17.2.168. MPI_Get_address

MPI_Get_address — Gets the address of a location in memory. SYNTAX C Syntax

#include <mpi.h>

int MPI_Get_address(const void *location, MPI_Aint *address) Fortran Syntax

! or the older form: INCLUDE 'mpif.h'

    <type> LOCATION(*)
    INTEGER IERROR Fortran 2008 Syntax

USE mpi_f08

MPI_Get_address(location, address, ierror)
    TYPE(*), DIMENSION(..), ASYNCHRONOUS :: location

  • location : Location in caller memory (choice). OUTPUT PARAMETERS

  • address : Address of location (integer).

  • ierror : Fortran only: Error status (integer). DESCRIPTION

MPI_Get_address returns the byte address of a location in memory.

Example: Using MPI_Get_address for an array.

REAL :: A(100,100)

DIFF = I2 - I1
! The value of DIFF is 909*sizeofreal; the values of I1 and I2 are
! implementation dependent. NOTES

This routine is provided for both Fortran and C programmers and may be useful when writing portable code. In the current release, the address returned by this routine will be the same as that produced by the C & operator.

C users may be tempted to avoid using MPI_Get_address and rely on the availability of the address operator &. Note, however, that & cast-expression is a pointer, not an address. ANSI C does not require that the value of a pointer (or the pointer cast to int) be the absolute address of the object pointed at although this is commonly the case. Furthermore, referencing may not have a unique definition on machines with a segmented address space. The use of MPI_Get_address to “reference” C variables guarantees portability to such machines as well.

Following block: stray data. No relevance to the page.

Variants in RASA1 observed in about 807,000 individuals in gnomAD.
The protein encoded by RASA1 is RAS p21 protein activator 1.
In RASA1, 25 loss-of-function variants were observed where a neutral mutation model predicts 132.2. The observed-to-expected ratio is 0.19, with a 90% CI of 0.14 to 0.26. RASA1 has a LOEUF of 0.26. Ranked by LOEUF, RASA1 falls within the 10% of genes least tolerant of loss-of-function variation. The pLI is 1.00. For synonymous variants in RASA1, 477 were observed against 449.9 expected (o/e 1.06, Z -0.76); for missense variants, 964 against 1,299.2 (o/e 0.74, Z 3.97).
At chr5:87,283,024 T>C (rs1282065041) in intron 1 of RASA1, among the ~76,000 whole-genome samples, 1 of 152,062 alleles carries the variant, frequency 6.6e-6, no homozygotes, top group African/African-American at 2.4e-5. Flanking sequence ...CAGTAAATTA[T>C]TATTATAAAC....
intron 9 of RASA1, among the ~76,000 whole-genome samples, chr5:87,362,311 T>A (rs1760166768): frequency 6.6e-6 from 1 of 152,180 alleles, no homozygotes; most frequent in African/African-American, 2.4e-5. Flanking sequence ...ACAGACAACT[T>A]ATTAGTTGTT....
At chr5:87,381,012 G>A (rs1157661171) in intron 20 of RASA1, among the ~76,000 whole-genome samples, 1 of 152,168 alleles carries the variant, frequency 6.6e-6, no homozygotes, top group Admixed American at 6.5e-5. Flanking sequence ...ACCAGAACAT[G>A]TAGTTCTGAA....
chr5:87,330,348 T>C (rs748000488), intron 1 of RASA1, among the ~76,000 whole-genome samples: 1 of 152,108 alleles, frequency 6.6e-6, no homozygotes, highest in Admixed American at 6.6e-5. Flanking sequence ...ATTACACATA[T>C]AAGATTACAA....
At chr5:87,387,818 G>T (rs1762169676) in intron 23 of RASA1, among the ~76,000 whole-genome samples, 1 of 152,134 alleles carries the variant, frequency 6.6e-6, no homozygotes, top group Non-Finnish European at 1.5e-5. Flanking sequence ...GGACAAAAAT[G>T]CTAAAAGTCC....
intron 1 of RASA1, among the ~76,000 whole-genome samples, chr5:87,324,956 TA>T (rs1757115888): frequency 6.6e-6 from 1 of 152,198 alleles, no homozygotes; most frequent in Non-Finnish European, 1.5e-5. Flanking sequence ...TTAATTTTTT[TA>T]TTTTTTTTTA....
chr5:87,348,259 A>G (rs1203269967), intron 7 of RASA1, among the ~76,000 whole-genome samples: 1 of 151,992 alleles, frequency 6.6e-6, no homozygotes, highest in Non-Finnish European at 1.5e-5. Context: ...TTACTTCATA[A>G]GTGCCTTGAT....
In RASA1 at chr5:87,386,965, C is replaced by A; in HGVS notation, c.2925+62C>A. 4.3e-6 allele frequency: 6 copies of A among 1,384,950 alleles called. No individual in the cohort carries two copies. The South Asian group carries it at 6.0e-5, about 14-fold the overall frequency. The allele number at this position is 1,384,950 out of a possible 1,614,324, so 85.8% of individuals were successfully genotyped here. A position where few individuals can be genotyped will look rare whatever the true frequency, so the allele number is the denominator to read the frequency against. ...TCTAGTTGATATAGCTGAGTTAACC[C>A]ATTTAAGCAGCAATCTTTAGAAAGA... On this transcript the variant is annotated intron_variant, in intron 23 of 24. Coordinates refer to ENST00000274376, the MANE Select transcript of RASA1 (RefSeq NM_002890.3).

Current Fortran MPI codes will run unmodified and will port to any system. However, they may fail if addresses larger than 2^32 - 1 are used in the program. New codes should be written so that they use the new functions. This provides compatibility with C and avoids errors on 64-bit architectures. However, such newly written codes may need to be (slightly) rewritten to port to old Fortran 77 environments that do not support KIND declarations. ERRORS

Almost all MPI routines return an error value; C routines as the return result of the function and Fortran routines in the last argument.

Before the error value is returned, the current MPI error handler associated with the communication object (e.g., communicator, window, file) is called. If no communication object is associated with the MPI call, then the call is considered attached to MPI_COMM_SELF and will call the associated MPI error handler. When MPI_COMM_SELF is not initialized (i.e., before MPI_Init/MPI_Init_thread, after MPI_Finalize, or when using the Sessions Model exclusively) the error raises the initial error handler. The initial error handler can be changed by calling MPI_Comm_set_errhandler on MPI_COMM_SELF when using the World model, or the mpi_initial_errhandler CLI argument to mpiexec or info key to MPI_Comm_spawn/MPI_Comm_spawn_multiple. If no other appropriate error handler has been set, then the MPI_ERRORS_RETURN error handler is called for MPI I/O functions and the MPI_ERRORS_ABORT error handler is called for all other MPI functions.

Open MPI includes three predefined error handlers that can be used:

  • MPI_ERRORS_ARE_FATAL Causes the program to abort all connected MPI processes.

  • MPI_ERRORS_ABORT An error handler that can be invoked on a communicator, window, file, or session. When called on a communicator, it acts as if MPI_Abort was called on that communicator. If called on a window or file, acts as if MPI_Abort was called on a communicator containing the group of processes in the corresponding window or file. If called on a session, aborts only the local process.

  • MPI_ERRORS_RETURN Returns an error code to the application.

MPI applications can also implement their own error handlers by calling:

Note that MPI does not guarantee that an MPI program can continue past an error.

See the MPI man page for a full list of MPI error codes.

See the Error Handling section of the MPI-3.1 standard for more information.